FOR IMMEDIATE RELEASE
Winter Salon! Jérôme Bost, Robert Ohnigian, Donald Silverstein, Alan Soffer, Marc Van Cauwenbergh
January 9 - February 15, 2008
Gallery Sakiko is pleased to present its yearly group show “Winter Salon,” featuring paintings and works on paper by Jérôme Bost, Robert Ohnigian, Donald Silverstein, Alan Soffer, Marc Van Cauwenbergh and Nicholas Zann.
Jérôme Bost started his career by painting in oil in an expressionistic gestural manner. In the late 1960s, he began to work directly from nature, away from our everyday experience. Impressively, they do that without a trace of heaviness or didacticism. In addition to the seascapes, during the last two years Jérôme Bost has also been painting cityscapes of Paris from elevated viewpoints, such as the Centre Pompidou, the Radio tower and most recently the roof of the famous Garnier Opera House.
Robert Ohnigian's collages are intimate and have a keen meditative quality. They often consist of postage stamps, pieces of aged paper, fragments of 19th century book illustrations and numbers. All of these elements are fused into intricately layered assemblages that are visually poetic and contemplative. Ohnigian's palette is composed primarily of shades of beige and pale blues, punctuated with the darker-hued crispness of a diminutive image.
Donald Silverstein (1932-2004):
The majority of these works were created during Silverstein's ten-year stay in Japan, a period that marked the pinnacle of his artistic career in terms of innovation, experimentation, and output. While living in Tokyo, Silverstein became increasingly interested in the designs and patterns used for traditional kimonos, as well as Japanese calligraphy. In this context, a new sense of spontaneity and dynamism began to inform his works. Incorporating a wide range of materials, such as gouache, oil, ink, pens, and markers, Silverstein's paintings share a strong concern for fusing vivid gestural drawing with distinctive color harmonies, and expressive form.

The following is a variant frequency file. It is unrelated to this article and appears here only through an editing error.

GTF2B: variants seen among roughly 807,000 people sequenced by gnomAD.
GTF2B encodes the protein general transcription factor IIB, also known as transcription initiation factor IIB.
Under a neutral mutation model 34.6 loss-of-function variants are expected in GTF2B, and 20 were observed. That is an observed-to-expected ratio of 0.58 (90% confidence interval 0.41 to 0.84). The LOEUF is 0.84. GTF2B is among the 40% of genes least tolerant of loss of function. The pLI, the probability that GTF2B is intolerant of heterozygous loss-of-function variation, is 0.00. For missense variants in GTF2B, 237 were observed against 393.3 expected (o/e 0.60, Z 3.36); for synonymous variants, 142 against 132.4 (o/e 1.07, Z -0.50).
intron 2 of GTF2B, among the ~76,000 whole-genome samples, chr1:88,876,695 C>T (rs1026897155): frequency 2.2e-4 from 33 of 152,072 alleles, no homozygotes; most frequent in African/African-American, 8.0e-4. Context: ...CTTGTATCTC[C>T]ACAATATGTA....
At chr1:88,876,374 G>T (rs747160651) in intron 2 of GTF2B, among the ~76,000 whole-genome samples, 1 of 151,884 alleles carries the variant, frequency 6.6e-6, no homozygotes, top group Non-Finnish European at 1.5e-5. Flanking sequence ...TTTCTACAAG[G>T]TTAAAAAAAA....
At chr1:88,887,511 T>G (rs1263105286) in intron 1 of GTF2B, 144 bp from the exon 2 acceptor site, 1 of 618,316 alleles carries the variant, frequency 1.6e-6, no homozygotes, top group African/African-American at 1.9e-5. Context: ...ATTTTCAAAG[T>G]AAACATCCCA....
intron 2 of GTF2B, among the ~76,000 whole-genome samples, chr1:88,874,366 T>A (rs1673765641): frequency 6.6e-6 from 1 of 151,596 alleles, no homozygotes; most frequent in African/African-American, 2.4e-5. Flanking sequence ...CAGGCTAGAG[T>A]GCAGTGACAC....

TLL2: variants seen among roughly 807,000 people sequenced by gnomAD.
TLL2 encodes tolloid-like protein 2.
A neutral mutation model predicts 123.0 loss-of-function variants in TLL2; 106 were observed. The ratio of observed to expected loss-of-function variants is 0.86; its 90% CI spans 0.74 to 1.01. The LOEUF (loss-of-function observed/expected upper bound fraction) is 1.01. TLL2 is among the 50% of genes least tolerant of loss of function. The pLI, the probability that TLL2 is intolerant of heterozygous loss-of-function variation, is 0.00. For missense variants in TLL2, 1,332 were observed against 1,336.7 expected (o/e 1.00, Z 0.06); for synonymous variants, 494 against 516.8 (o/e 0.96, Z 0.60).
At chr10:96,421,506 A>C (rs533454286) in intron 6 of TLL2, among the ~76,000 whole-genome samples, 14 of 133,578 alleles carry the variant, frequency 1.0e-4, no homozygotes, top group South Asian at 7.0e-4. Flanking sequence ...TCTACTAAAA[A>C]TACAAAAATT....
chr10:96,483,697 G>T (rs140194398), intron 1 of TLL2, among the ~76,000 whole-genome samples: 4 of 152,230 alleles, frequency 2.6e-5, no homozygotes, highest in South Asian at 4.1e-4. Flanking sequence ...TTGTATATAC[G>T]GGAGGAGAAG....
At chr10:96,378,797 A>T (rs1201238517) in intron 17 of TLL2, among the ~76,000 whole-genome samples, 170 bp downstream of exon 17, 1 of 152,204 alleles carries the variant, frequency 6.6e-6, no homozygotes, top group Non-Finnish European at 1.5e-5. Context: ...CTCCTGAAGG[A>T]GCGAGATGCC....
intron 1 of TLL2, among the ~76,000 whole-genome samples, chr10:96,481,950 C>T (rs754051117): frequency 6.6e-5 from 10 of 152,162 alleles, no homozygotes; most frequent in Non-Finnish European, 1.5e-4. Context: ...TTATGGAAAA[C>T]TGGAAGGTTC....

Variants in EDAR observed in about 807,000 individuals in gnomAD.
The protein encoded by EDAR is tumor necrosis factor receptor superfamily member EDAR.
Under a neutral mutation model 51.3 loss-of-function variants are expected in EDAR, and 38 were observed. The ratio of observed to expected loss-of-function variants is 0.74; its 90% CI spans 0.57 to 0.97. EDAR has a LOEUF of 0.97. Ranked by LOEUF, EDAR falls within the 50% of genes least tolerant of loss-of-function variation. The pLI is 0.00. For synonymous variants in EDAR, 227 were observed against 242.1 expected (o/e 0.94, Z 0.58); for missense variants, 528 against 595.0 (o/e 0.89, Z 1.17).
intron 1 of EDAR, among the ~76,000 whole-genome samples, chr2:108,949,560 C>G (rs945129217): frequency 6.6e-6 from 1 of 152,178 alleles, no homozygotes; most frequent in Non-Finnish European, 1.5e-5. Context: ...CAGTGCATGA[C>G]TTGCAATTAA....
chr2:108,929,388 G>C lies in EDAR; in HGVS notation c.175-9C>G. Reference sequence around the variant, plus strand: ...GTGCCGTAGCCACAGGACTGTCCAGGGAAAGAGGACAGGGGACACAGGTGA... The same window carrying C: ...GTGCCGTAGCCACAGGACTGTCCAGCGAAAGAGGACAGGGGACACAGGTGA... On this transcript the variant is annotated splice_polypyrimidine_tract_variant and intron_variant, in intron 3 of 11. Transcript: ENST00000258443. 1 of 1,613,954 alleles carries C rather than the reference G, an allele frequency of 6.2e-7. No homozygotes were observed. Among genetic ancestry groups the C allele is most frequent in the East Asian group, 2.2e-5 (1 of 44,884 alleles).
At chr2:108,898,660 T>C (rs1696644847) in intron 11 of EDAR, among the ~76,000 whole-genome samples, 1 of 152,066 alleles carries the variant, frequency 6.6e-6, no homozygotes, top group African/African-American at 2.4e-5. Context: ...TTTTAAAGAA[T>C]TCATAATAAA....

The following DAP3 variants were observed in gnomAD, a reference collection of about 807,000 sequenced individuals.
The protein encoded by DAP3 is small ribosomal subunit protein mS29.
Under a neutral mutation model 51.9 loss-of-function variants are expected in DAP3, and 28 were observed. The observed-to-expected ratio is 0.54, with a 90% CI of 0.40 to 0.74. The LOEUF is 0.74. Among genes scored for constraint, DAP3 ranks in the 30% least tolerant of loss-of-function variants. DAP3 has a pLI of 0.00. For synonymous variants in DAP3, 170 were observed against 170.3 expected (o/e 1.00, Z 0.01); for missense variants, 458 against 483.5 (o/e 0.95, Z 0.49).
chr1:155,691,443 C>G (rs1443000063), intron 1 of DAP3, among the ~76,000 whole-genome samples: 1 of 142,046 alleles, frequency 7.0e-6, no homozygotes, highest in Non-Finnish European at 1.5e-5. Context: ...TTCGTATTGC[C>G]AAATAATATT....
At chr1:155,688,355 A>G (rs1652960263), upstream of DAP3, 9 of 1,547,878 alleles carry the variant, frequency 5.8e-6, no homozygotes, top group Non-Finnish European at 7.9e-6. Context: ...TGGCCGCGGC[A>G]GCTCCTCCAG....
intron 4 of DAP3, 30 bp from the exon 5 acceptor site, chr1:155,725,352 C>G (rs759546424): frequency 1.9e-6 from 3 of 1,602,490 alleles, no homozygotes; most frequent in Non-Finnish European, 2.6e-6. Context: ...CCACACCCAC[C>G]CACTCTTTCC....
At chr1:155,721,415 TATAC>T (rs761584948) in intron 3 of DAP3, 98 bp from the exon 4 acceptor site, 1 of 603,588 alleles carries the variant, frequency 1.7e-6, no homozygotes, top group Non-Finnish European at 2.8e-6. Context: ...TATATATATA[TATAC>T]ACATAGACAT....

Marc Van Cauwenbergh:
Interested in body presence and behavior, Marc Van Cauwenbergh focuses on humanoid forms in motion. Though completely abstract, his compositions translate as portraits of the lyrical interaction imbued in physical movement. Thin washes of oil paint, which are brushed directly onto the linen, create predominantly vertical shapes. These mysterious banners of translucent color are carefully layered on top of each other and hence, intermingle like engaging bodies. In fact, each distinct shape translates as a silhouetted individual, whose characteristics and personality are defined through the artist’s handling of color and form.
As a figurative painter, Nicholas Zann explores human relationships. He often works with the diptych format, in which each panel contains one figure, or figures are juxtaposed with objects. The divide between the panels is telling about the relationships in which Zann's protagonists engage. Men and women, children and adults, friends, lovers, competitors - they all face the truth of their nature by means of unusually direct pairings.